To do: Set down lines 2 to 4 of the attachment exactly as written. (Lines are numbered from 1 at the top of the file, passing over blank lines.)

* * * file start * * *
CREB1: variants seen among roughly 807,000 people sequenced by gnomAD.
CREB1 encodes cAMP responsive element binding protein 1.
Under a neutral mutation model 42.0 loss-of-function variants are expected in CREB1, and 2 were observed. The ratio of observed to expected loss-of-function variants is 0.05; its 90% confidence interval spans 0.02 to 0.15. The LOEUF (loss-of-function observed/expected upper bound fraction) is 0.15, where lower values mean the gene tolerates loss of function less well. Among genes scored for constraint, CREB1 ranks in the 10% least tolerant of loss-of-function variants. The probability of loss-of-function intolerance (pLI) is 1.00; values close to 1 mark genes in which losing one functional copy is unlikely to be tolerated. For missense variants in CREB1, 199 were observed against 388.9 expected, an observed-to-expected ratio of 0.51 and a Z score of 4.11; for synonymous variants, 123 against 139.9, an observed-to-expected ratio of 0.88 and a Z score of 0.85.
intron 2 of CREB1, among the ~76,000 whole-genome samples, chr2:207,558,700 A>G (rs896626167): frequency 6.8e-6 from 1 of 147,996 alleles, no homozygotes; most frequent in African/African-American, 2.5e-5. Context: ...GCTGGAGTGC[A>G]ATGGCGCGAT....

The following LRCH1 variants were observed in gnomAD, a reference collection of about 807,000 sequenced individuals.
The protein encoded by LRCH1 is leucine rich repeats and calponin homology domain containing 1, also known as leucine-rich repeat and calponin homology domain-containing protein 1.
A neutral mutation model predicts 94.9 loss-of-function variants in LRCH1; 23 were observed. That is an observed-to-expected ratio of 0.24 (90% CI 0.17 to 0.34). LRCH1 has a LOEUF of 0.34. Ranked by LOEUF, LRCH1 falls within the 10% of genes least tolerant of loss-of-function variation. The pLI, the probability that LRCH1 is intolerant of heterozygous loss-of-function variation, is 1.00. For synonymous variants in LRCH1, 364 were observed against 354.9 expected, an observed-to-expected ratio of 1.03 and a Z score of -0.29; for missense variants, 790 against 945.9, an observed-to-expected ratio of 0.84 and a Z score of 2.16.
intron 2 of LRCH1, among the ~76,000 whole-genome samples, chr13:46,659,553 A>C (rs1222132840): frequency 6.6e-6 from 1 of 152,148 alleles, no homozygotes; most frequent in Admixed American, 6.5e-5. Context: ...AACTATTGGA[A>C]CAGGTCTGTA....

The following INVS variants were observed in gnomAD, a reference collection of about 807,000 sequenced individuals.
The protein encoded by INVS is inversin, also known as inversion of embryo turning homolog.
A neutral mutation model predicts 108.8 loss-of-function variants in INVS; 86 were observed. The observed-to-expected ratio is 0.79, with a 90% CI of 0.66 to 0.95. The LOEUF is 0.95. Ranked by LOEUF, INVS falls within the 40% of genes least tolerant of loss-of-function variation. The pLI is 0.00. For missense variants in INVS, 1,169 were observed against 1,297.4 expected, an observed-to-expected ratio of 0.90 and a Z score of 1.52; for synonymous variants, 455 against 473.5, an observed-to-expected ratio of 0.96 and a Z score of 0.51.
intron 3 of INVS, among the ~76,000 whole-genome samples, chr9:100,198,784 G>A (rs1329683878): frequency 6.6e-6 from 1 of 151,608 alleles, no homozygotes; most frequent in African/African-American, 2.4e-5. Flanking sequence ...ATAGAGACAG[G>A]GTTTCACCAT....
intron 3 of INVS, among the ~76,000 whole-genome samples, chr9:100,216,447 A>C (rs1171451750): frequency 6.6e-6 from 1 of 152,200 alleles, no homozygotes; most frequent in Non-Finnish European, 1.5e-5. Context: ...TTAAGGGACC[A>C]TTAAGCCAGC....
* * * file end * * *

CREB1 encodes cAMP responsive element binding protein 1.
Under a neutral mutation model 42.0 loss-of-function variants are expected in CREB1, and 2 were observed. The ratio of observed to expected loss-of-function variants is 0.05; its 90% confidence interval spans 0.02 to 0.15. The LOEUF (loss-of-function observed/expected upper bound fraction) is 0.15, where lower values mean the gene tolerates loss of function less well. Among genes scored for constraint, CREB1 ranks in the 10% least tolerant of loss-of-function variants. The probability of loss-of-function intolerance (pLI) is 1.00; values close to 1 mark genes in which losing one functional copy is unlikely to be tolerated. For missense variants in CREB1, 199 were observed against 388.9 expected, an observed-to-expected ratio of 0.51 and a Z score of 4.11; for synonymous variants, 123 against 139.9, an observed-to-expected ratio of 0.88 and a Z score of 0.85.
intron 2 of CREB1, among the ~76,000 whole-genome samples, chr2:207,558,700 A>G (rs896626167): frequency 6.8e-6 from 1 of 147,996 alleles, no homozygotes; most frequent in African/African-American, 2.5e-5. Context: ...GCTGGAGTGC[A>G]ATGGCGCGAT....